| |||

## Bond Prices (bond + price)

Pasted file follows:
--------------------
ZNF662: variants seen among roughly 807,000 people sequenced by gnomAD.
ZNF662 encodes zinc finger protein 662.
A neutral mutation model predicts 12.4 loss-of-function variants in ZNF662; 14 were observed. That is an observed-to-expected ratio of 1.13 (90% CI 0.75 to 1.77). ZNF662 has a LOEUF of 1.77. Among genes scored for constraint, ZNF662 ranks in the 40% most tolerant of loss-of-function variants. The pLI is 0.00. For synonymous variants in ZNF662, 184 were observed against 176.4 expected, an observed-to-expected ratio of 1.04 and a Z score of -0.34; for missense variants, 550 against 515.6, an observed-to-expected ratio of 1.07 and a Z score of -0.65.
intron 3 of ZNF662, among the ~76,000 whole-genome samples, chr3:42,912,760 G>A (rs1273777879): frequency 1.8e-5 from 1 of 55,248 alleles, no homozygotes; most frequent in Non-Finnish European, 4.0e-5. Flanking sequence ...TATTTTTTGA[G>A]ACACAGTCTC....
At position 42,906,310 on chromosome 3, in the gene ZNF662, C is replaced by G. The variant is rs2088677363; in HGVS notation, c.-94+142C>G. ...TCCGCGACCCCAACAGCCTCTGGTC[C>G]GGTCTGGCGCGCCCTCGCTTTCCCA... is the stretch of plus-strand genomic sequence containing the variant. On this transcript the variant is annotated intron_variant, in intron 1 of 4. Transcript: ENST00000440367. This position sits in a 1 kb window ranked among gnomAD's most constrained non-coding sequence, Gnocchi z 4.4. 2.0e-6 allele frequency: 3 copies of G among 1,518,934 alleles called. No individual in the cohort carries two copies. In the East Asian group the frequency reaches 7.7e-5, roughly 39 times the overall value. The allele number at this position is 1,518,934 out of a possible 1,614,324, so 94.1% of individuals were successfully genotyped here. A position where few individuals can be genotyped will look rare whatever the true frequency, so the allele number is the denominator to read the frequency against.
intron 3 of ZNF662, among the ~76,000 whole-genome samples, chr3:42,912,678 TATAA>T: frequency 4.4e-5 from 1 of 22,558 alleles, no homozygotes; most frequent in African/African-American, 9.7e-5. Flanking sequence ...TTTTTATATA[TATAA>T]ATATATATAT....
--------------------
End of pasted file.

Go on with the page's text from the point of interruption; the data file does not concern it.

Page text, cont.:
## Selected Abstracts## Bond Price and Impulse Response Function for the Balduzzi, Das, Foresi and Sundaram (1996) Model ECONOMIC NOTES, Issue 3 2004Martino GrasselliIn this paper, we analyse the Affine Term Structure Model (ATSM) proposed by Balduzzi, Das, Foresi and Sundaram (BDFS, 1996) and provide the closed-form expression of the bond price. In addition, we extend the notion of Impulse Response Function to the class of ATSM. We show that it is closely related to the duration measure, and we compute it explicitly in the BDFS model. [source] ## Risk-free bond prices in incomplete markets with recursive multiple-prior utilities INTERNATIONAL JOURNAL OF ECONOMIC THEORY, Issue 2 2006Chiaki HaraD52; D91; E21; E44; G12 We consider an exchange economy under uncertainty, in which agents' utility functions may be recursive and the expected utility calculation may be based on multiple priors. The utility functions representing risk attitudes and intertemporal substitution are negative exponential functions. These utility functions and the access to asset markets may arbitrarily differ across agents. We prove that the risk-free bond price goes down (and the interest rate goes up) monotonically as the market incompleteness diminishes. We also find the range of equilibrium bond prices that depends on the primitives of the economy but not on the structures of asset markets. [source] ## Strip Bonds and Arbitrage Bounds CANADIAN JOURNAL OF ADMINISTRATIVE SCIENCES, Issue 2 2000Paul HalpernIf the price of a coupon bond is sufficiently different from the sum of the prices of its stripped components, arbitrage trades between the two will be profitable. We estimate the size of the price difference between the prices of a coupon bond and a replicating package of strip bonds. When the price of a coupon bond exceeds the value of the replicating package of strips, the difference between the coupon bond price and the price of the package of strips is much greater than when the price of the coupon bond is below the price of the package of replicating strip bonds. This difference persists under a variety of assumptions about taxation and transaction costs, and appears to indicate market inefficiency. Résumé Si le prix d'une obligation à coupons est suffisamment différent de la somme de ses éléments détachés, un échange à l'arbitrage entre les deux sera profitable. Nous estimons l'importance de la différence de prix entre le coǒt d'une obligation à coupons et celui d'un bloc reproductif d'obligations coupons détachés. Quand le prix d'une obligation à coupons dépasse la valeur du bloc reproductif de coupures, la différence entre le prix de l'obligation à coupons et celui du bloc de coupures est beaucoup plus importante que lorsque le prix de l'obligation à coupons est sous le prix du bloc reproductif d'obligations coupons détachés. Cette différence persiste sous une variété de suppositions basées sur les coǒts d'imposition et de transaction, et semble indiquer un manque de rendement du marché. [source] ## Threshold Dynamics of Short-term Interest Rates: Empirical Evidence and Implications for the Term Structure ECONOMIC NOTES, Issue 1 2008Theofanis ArchontakisThis paper studies a nonlinear one-factor term structure model in discrete time. The short-term interest rate follows a self-exciting threshold autoregressive (SETAR) process that allows for shifts in the intercept and the variance. In comparison with a linear model, we find empirical evidence in favour of the threshold model for Germany and the US. Based on the estimated short-rate dynamics we derive the implied arbitrage-free term structure of interest rates. Since analytical solutions are not feasible, bond prices are computed by means of Monte Carlo integration. The resulting term structure captures stylized facts of the data. In particular, it implies a nonlinear relation between long rates and the short rate. [source] ## Wars and Markets: How Bond Values Reflect the Second World War ECONOMICA, Issue 271 2001Bruno FreyHistorical events are reflected in asset prices. Based on a unique data-set, we analyse government bond prices of Germany and Austria traded on the Swiss bourse during the Second World War. Some war events generally considered crucial are clearly reflected in government bond prices; this holds, in particular, for the official outbreak of the war and the loss and gain of national sovereignty. Other events to which historians attach great importance are not reflected in bond prices, most prominently Germany's capitulation in 1945. The analysis of financial markets provides a fruitful method for evaluating the importance contemporaries attached to historical events. [source] ## Bayesian estimation of financial models ACCOUNTING & FINANCE, Issue 2 2002Philip GrayThis paper outlines a general methodology for estimating the parameters of financial models commonly employed in the literature. A numerical Bayesian technique is utilised to obtain the posterior density of model parameters and functions thereof. Unlike maximum likelihood estimation, where inference is only justified in large samples, the Bayesian densities are exact for any sample size. A series of simulation studies are conducted to compare the properties of point estimates, the distribution of option and bond prices, and the power of specification tests under maximum likelihood and Bayesian methods. Results suggest that maximum,likelihood,based asymptotic distributions have poor finite,sampleproperties. [source] ## Risk-free bond prices in incomplete markets with recursive multiple-prior utilities INTERNATIONAL JOURNAL OF ECONOMIC THEORY, Issue 2 2006Chiaki HaraD52; D91; E21; E44; G12 We consider an exchange economy under uncertainty, in which agents' utility functions may be recursive and the expected utility calculation may be based on multiple priors. The utility functions representing risk attitudes and intertemporal substitution are negative exponential functions. These utility functions and the access to asset markets may arbitrarily differ across agents. We prove that the risk-free bond price goes down (and the interest rate goes up) monotonically as the market incompleteness diminishes. We also find the range of equilibrium bond prices that depends on the primitives of the economy but not on the structures of asset markets. [source] ## Zero-coupon bond prices in the Vasicek and CIR models: Their computation as group-invariant solutions, MATHEMATICAL METHODS IN THE APPLIED SCIENCES, Issue 6 2008W. SinkalaAbstract We compute prices of zero-coupon bonds in the Vasicek and Cox,Ingersoll,Ross interest rate models as group-invariant solutions. Firstly, we determine the symmetries of the valuation partial differential equation that are compatible with the terminal condition and then seek the desired solution among the invariant solutions arising from these symmetries. We also point to other possible studies on these models using the symmetries admitted by the valuation partial differential equations. Copyright © 2007 John Wiley & Sons, Ltd. [source] ## A two-mean reverting-factor model of the term structure of interest rates THE JOURNAL OF FUTURES MARKETS, Issue 11 2003Manuel MorenoThis article presents a two-factor model of the term structure of interest rates. It is assumed that default-free discount bond prices are determined by the time to maturity and two factors, the long-term interest rate, and the spread (i.e., the difference) between the short-term (instantaneous) risk-free rate of interest and the long-term rate. Assuming that both factors follow a joint Ornstein-Uhlenbeck process, a general bond pricing equation is derived. Closed-form expressions for prices of bonds and interest rate derivatives are obtained. The analytical formula for derivatives is applied to price European options on discount bonds and more complex types of options. Finally, empirical evidence of the model's performance in comparison with an alternative two-factor (Vasicek-CIR) model is presented. The findings show that both models exhibit a similar behavior for the shortest maturities. However, importantly, the results demonstrate that modeling the volatility in the long-term rate process can help to fit the observed data, and can improve the prediction of the future movements in medium- and long-term interest rates. So it is not so clear which is the best model to be used. © 2003 Wiley Periodicals, Inc. Jrl Fut Mark 23: 1075,1105, 2003 [source] |